Marketing in 2013 and beyond will not be about the number of Twitter followers or Facebook likes you have, or the really cool app you develop, or the YouTube video you produce in the hope it will “go viral”.
Of course these are nice tangible measures to show off in quarterly reports and they might actually be relevant in some way to your business, but they’re merely the sideshow.
The main game is about staying fresh, vital, relevant and respected in a hyperconnected marketplace that’s increasingly being driven by the empowered many, at the expense of the privileged few.
Today’s digitally-savvy consumer prefers peer opinion over media commentary, and values user-generated content ahead of advertising messages. They don’t like your hype and they care even less for your spin. They want companies to be open and active participants in the community and on the social web – not the closed and impenetrable beasts they have traditionally been.
Intensity of connection
Building your brand in 2013 will increasingly hinge on the intensity of the connection you have with the people who matter the most to the success of your business (or cause, or issue, if you’re a non-profit).
It’s easy to say, but difficult to do. True connection with consumers and market influencers can’t be bought. It needs to be earned. And earning people’s respect and trust requires genuine, sustained effort – in particular it needs to be driven by a company’s leadership team. And it cannot be achieved without showing your face, without being front and centre as real human beings, adding value, being useful, being interesting, and interested in others.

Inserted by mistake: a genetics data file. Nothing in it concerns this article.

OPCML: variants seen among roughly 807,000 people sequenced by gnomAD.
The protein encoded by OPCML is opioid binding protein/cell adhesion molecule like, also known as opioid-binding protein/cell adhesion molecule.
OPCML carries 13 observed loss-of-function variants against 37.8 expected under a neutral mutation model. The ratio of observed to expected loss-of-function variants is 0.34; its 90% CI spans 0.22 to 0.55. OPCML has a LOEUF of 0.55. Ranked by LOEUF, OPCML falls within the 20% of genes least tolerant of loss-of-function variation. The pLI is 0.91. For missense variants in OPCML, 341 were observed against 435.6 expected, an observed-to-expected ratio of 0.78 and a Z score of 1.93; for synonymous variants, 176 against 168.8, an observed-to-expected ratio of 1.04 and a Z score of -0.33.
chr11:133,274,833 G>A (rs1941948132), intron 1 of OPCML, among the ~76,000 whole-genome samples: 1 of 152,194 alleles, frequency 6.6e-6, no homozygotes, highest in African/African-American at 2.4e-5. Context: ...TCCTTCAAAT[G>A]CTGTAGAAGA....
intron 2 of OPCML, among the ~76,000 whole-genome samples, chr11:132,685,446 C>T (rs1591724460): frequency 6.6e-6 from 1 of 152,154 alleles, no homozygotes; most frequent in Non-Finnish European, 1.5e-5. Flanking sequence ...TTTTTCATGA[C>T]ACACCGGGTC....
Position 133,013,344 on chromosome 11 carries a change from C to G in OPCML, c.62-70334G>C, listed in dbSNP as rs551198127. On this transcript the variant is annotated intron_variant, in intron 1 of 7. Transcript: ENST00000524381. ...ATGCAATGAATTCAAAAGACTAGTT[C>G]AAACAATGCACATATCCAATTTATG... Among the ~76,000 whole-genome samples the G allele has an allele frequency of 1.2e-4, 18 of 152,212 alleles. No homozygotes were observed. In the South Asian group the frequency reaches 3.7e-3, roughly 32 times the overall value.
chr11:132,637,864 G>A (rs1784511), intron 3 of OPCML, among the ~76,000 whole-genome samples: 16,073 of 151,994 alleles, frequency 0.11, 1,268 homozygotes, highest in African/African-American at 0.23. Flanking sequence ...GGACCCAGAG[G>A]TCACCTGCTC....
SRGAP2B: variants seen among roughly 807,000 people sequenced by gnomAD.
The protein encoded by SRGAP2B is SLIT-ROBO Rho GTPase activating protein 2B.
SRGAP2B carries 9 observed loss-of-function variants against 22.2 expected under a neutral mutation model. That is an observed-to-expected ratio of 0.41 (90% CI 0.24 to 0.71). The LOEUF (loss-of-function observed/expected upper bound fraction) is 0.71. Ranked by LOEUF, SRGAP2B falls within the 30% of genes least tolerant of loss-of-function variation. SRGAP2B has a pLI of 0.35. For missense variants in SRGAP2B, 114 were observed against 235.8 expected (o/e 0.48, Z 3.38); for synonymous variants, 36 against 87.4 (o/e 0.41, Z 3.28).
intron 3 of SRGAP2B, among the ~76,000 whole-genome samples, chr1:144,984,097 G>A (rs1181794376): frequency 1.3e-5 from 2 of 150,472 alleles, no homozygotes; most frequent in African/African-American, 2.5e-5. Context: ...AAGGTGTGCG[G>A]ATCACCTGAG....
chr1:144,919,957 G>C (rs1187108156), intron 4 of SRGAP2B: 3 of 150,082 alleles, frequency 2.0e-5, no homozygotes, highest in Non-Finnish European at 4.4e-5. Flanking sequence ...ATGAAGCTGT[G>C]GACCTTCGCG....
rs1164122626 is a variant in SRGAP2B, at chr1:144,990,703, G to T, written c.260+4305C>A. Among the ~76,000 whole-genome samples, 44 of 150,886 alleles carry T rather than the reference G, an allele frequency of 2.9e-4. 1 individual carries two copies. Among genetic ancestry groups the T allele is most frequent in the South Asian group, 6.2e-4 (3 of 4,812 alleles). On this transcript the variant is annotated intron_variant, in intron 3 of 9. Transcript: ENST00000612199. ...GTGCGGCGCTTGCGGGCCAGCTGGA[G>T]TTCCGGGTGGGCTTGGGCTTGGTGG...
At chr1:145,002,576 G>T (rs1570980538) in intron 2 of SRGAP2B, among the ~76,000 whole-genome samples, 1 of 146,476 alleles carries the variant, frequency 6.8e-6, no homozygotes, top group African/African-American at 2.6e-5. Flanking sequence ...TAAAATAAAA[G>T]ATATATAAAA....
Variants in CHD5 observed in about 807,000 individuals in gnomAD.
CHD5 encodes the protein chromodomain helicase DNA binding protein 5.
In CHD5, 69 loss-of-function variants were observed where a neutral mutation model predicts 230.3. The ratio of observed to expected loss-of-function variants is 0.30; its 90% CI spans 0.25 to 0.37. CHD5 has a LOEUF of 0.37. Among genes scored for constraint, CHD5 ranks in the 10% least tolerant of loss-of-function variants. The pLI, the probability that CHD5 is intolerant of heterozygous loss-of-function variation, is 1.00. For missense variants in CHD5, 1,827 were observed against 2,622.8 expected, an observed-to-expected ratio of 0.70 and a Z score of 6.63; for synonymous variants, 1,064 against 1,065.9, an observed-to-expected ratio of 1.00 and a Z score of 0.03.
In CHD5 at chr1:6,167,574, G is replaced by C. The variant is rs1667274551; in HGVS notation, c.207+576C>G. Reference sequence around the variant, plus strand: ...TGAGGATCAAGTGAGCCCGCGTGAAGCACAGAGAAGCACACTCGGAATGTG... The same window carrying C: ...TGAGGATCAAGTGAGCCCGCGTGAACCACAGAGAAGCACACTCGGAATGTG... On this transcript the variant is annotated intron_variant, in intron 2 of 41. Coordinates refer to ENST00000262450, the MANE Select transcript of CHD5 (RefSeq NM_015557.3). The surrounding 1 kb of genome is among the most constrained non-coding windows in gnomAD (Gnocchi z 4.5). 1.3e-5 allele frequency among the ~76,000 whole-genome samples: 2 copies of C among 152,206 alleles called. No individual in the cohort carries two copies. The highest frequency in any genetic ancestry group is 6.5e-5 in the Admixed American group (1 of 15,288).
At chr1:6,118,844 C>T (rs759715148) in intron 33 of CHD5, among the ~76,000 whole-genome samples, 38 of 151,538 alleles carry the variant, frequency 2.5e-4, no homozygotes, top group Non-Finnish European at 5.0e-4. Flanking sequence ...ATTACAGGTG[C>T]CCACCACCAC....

Sorry, but commissioning an expensive new whiz-bang ad campaign won’t cut it.
What can senior executives do?
You can start by standing up and leading the way by embracing social technologies that help tear down the walls that exist between the corporation and the public, to actively foster genuine human interaction with people – customers, employees and influencers.
Here are eight things you can do to kick off the new year on a positive note by helping to make your company more accessible:
- Write regular blog posts (without any hint of jargon or gobbledygook language) that humanise the business and appeal to a real external audience, not geared towards your fellow executives internally;
- Use iPhones or Flipcams to document what’s happening in the world of the C-suite. What exciting things are you doing you can tell the world about?;
- Instigate the development of a company-produced podcast series (or video webcast) and then participating in it from time to time;
- Challenge the marketing team to create a series of downloadable free PDF ebooks that help solve customer needs;
- Create a think-tank with competitors to address a particular issue confronting your industry;
- Organise a seminar that demonstrates your company’s expertise on a particular topic. Give your knowledge away freely, film the event and distribute it over the net;
- Sit down and chat over coffee with bloggers and “power tweeters” who are interested in the industry in which you operate;
- Identify the experts within your organisation and give them the imprimatur (and the tools and training) to tell their story and share their expertise and ideas with the broader marketplace using the plethora of social media tools available.
Throw down the gauntlet
All of these activities require real people to participate. Don’t be some faceless persona hidden away in the boardroom shadows. Get involved! Challenge your senior colleagues.
Throw the gauntlet down to the marketing and PR teams. Empower your people to come up with ideas using social technologies that will help incrementally connect your brand with the marketplace in a useful and respectful way.
In 2013, the companies that open up, provide genuine value over and above their products and services, and super-importantly, add a human dimension to their marketing and communications, are the brands that will get noticed and be talked about in a positive way.
Then, who knows? Your story might start resonating with the same people who have been ignoring your company for years.
THIS ARTICLE ORIGINALLY APPEARED ON LEADING COMPANY